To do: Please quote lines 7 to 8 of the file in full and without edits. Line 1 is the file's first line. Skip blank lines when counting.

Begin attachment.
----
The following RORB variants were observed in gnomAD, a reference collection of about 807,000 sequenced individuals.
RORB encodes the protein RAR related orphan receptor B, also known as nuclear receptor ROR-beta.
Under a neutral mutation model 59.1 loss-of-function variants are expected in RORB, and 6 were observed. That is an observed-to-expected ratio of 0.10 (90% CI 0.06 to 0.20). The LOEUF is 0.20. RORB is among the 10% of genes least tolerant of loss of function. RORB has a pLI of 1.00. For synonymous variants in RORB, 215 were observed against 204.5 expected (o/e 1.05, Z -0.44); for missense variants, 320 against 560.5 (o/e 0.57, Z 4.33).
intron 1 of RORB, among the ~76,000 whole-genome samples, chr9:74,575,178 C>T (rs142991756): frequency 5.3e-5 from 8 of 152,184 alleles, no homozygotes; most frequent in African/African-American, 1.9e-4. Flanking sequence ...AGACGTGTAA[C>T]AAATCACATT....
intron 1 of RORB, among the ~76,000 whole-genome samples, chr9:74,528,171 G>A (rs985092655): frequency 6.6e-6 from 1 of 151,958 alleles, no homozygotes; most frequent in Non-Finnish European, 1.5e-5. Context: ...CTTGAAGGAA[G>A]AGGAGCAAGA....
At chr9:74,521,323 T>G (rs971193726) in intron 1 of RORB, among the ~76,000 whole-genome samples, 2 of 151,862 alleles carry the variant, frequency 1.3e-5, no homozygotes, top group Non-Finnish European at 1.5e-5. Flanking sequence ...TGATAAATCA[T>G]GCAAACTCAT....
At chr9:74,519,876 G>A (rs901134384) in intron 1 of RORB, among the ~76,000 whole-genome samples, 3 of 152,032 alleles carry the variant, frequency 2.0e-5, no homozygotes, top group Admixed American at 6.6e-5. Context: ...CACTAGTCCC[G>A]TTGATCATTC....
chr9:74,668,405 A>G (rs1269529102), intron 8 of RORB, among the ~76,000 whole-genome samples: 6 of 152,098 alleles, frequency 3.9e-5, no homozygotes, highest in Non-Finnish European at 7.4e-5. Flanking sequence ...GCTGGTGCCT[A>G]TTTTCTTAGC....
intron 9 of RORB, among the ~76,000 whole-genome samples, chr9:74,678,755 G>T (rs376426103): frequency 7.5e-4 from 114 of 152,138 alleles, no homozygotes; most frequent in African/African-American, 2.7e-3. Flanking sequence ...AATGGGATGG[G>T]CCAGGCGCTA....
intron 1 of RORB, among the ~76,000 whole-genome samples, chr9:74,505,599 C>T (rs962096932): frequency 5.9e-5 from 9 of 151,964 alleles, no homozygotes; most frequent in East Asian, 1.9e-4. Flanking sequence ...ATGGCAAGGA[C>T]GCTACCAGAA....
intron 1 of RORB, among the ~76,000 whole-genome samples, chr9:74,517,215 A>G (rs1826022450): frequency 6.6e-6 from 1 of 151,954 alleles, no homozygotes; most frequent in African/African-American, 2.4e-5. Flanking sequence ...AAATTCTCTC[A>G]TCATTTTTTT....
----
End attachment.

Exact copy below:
At chr9:74,519,876 G>A (rs901134384) in intron 1 of RORB, among the ~76,000 whole-genome samples, 3 of 152,032 alleles carry the variant, frequency 2.0e-5, no homozygotes, top group Admixed American at 6.6e-5. Context: ...CACTAGTCCC[G>A]TTGATCATTC....
chr9:74,668,405 A>G (rs1269529102), intron 8 of RORB, among the ~76,000 whole-genome samples: 6 of 152,098 alleles, frequency 3.9e-5, no homozygotes, highest in Non-Finnish European at 7.4e-5. Flanking sequence ...GCTGGTGCCT[A>G]TTTTCTTAGC....